The bulb mite (Rhizoglyphus robini) is a common pest of numerous crops. Male bulb mites display one of two reproductive tactics and are classified as "fighters" and "scramblers." Biologists from the University of Amsterdam (UvA) have now discovered a third variant, the "mega-scrambler," in which males are morphologically similar to females. Their results were published on 17 May in the scientific journal Ecology.
Kathryn Stewart and her colleagues from the UvA's Institute for Biodiversity and Ecosystem Dynamics (IBED) study ecological and evolutionary dynamics. One of their main interests is on how individuals may increase their likelihood for reproductive opportunities by adopting alternative mating tactics. Such tactics manifest through various behavioural, morphological or physiological traits.
Until now, male bulb mites have been known to display two discrete reproductive tactics: fighters and scramblers. Fighters have a thickened and sharply terminated third leg pair than can be used to fight and kill other males, while scramblers have no such armaments. "Surprisingly, during our experiments we kept noticing males that are morphologically similar to females, with a large body, bulbous abdomen and slim third leg pair," says Stewart. "We named this variant the 'mega-scrambler.'"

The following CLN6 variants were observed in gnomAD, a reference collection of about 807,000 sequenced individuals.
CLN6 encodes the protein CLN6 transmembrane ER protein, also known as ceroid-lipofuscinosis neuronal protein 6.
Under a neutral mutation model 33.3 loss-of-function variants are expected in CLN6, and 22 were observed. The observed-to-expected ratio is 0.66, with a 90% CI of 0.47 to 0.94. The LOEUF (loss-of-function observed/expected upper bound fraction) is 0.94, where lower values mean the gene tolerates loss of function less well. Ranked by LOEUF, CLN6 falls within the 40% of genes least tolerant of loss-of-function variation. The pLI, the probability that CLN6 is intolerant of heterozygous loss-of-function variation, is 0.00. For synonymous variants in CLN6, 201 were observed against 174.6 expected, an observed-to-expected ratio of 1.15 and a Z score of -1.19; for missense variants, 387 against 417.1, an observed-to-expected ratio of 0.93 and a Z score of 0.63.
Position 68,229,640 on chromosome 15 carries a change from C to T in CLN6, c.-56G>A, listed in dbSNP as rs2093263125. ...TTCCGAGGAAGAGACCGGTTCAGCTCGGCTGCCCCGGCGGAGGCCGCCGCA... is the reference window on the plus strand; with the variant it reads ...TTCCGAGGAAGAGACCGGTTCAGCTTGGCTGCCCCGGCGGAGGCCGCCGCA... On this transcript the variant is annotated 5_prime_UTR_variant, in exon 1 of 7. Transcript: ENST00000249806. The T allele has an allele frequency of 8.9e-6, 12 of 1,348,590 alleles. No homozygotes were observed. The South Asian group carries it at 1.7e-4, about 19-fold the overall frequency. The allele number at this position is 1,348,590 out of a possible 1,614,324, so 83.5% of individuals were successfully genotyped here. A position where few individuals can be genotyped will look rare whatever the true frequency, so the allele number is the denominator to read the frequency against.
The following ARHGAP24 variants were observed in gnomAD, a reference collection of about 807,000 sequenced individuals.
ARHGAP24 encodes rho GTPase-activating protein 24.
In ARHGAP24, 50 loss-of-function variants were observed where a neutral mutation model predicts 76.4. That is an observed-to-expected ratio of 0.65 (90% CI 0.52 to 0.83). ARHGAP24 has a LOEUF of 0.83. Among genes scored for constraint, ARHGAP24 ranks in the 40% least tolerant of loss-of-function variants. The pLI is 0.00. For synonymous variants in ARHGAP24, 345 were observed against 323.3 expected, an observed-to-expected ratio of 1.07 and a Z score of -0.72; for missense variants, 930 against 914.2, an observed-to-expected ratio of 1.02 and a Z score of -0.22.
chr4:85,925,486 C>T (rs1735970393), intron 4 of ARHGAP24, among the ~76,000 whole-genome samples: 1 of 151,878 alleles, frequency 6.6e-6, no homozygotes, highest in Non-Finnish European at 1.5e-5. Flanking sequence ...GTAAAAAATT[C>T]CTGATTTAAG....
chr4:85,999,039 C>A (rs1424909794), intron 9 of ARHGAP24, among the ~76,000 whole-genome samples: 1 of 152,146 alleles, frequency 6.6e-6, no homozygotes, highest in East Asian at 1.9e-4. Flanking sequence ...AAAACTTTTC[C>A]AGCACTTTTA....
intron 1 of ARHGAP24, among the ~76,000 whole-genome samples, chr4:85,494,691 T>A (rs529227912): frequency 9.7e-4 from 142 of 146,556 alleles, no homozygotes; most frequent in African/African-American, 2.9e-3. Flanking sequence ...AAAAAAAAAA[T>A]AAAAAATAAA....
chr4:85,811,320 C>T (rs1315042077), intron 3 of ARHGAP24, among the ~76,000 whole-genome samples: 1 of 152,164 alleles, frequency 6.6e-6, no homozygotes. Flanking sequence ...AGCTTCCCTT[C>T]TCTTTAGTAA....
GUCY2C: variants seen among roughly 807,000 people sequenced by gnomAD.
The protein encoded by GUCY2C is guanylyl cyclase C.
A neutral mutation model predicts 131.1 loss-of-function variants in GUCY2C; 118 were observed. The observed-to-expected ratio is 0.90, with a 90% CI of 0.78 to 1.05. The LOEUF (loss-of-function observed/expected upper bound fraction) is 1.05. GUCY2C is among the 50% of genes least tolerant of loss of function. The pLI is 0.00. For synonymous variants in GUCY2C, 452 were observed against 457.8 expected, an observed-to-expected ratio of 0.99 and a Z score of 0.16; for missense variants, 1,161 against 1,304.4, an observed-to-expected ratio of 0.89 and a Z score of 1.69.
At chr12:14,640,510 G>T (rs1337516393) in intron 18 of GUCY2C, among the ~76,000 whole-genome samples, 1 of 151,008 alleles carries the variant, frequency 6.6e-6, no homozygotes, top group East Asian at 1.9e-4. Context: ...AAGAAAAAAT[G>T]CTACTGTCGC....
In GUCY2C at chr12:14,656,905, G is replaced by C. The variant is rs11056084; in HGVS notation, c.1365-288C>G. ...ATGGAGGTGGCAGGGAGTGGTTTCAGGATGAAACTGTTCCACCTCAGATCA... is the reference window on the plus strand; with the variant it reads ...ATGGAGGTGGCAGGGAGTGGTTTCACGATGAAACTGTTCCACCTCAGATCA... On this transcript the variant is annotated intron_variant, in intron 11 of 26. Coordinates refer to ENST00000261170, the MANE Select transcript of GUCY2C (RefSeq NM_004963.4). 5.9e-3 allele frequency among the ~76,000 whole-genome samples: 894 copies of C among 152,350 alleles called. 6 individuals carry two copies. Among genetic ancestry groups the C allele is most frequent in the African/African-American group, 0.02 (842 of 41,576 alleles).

The bulb mite is widely used as a model organism for studying alternative reproductive tactics (ARTs). "Which makes it even more surprising that this third male morphology, or 'trimorphism," has not been noted before. It was important for us to describe this new type of ART because it has important implications for our understanding of how organisms adapt to rapidly changing environments and population dynamics, but also because we want to encourage others to not overlook model systems that are thought to be completely described."
Now that trimorphism has been identified in the bulb mite, the next steps are to study the origins and mechanisms of this tactic and to find out whether it is adaptive. The researchers will use follow-up studies to identify a possible explanation for the existence of mega-scramblers and to establish whether males mimic females as a way to copulate and avoid aggressive interactions with other males. In addition, the researchers will investigate whether mega-scramblers can produce healthy offspring and if other males are indeed less aggressive towards males who mimic females.
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Kathryn A. Stewart et al. Evidence for a third male type in a male-dimorphic model species, Ecology (2018). DOI: 10.1002/ecy.2239